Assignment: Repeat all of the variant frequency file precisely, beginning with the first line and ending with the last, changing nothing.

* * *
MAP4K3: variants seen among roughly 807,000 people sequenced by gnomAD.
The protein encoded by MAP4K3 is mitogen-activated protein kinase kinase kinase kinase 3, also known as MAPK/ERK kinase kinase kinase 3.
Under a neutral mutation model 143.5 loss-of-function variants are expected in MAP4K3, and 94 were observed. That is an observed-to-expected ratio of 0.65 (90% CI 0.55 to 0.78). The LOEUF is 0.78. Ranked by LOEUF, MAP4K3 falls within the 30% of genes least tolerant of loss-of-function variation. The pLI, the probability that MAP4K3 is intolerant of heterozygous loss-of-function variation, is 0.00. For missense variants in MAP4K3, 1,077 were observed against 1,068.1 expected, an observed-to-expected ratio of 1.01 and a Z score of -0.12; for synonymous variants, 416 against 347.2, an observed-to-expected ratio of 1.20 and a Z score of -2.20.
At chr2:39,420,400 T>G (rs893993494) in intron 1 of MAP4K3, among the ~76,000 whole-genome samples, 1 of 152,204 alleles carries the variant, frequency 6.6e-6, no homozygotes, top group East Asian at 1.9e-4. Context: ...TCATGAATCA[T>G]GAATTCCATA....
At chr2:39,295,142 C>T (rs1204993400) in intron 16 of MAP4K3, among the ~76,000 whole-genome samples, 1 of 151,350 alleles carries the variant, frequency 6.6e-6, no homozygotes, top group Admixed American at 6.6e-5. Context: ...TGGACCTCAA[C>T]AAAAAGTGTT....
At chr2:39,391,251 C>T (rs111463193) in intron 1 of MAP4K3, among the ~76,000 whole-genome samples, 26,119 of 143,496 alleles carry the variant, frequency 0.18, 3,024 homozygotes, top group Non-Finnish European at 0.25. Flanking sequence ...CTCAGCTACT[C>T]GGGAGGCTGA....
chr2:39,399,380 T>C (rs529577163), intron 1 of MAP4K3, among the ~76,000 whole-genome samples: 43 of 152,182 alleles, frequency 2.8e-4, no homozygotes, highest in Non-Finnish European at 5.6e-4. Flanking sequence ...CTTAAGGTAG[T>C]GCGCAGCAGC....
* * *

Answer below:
MAP4K3: variants seen among roughly 807,000 people sequenced by gnomAD.
The protein encoded by MAP4K3 is mitogen-activated protein kinase kinase kinase kinase 3, also known as MAPK/ERK kinase kinase kinase 3.
Under a neutral mutation model 143.5 loss-of-function variants are expected in MAP4K3, and 94 were observed. That is an observed-to-expected ratio of 0.65 (90% CI 0.55 to 0.78). The LOEUF is 0.78. Ranked by LOEUF, MAP4K3 falls within the 30% of genes least tolerant of loss-of-function variation. The pLI, the probability that MAP4K3 is intolerant of heterozygous loss-of-function variation, is 0.00. For missense variants in MAP4K3, 1,077 were observed against 1,068.1 expected, an observed-to-expected ratio of 1.01 and a Z score of -0.12; for synonymous variants, 416 against 347.2, an observed-to-expected ratio of 1.20 and a Z score of -2.20.
At chr2:39,420,400 T>G (rs893993494) in intron 1 of MAP4K3, among the ~76,000 whole-genome samples, 1 of 152,204 alleles carries the variant, frequency 6.6e-6, no homozygotes, top group East Asian at 1.9e-4. Context: ...TCATGAATCA[T>G]GAATTCCATA....
At chr2:39,295,142 C>T (rs1204993400) in intron 16 of MAP4K3, among the ~76,000 whole-genome samples, 1 of 151,350 alleles carries the variant, frequency 6.6e-6, no homozygotes, top group Admixed American at 6.6e-5. Context: ...TGGACCTCAA[C>T]AAAAAGTGTT....
At chr2:39,391,251 C>T (rs111463193) in intron 1 of MAP4K3, among the ~76,000 whole-genome samples, 26,119 of 143,496 alleles carry the variant, frequency 0.18, 3,024 homozygotes, top group Non-Finnish European at 0.25. Flanking sequence ...CTCAGCTACT[C>T]GGGAGGCTGA....
chr2:39,399,380 T>C (rs529577163), intron 1 of MAP4K3, among the ~76,000 whole-genome samples: 43 of 152,182 alleles, frequency 2.8e-4, no homozygotes, highest in Non-Finnish European at 5.6e-4. Flanking sequence ...CTTAAGGTAG[T>C]GCGCAGCAGC....